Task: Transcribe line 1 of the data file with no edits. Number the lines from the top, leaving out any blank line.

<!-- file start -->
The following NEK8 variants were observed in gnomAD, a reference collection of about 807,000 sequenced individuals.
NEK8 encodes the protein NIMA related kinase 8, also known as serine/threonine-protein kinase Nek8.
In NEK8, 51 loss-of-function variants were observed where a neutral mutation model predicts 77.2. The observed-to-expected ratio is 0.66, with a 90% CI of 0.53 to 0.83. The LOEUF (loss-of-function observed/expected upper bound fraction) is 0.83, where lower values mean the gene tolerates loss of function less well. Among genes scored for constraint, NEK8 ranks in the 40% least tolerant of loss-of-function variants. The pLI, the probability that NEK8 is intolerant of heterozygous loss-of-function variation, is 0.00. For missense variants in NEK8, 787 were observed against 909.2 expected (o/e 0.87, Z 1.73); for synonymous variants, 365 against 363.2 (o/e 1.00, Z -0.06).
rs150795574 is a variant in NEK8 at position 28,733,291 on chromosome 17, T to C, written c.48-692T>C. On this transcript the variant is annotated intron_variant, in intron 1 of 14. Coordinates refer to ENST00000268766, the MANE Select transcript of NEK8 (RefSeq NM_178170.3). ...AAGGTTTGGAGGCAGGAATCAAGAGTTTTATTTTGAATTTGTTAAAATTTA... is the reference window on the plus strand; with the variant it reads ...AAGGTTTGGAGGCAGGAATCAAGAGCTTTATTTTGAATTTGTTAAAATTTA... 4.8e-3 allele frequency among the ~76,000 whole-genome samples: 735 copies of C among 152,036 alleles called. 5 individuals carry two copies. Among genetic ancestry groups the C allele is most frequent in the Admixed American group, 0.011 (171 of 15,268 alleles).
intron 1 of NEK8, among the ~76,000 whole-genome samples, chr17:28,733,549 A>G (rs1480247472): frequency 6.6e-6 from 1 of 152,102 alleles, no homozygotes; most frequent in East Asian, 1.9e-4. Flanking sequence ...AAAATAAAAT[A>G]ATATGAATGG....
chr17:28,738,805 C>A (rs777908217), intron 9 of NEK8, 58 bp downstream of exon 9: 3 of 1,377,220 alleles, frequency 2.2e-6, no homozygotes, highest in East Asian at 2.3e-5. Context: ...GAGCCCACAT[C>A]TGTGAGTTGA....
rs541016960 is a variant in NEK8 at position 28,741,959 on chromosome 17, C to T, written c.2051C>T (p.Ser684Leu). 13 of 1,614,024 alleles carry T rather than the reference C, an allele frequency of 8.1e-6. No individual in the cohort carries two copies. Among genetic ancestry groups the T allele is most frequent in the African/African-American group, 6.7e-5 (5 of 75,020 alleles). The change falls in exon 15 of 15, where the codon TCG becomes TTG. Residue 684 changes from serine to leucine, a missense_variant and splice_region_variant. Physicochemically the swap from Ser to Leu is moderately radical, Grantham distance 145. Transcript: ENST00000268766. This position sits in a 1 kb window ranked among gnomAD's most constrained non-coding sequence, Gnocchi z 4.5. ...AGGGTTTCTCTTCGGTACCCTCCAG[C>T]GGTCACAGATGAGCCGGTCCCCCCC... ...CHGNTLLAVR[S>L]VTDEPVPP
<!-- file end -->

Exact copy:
The following NEK8 variants were observed in gnomAD, a reference collection of about 807,000 sequenced individuals.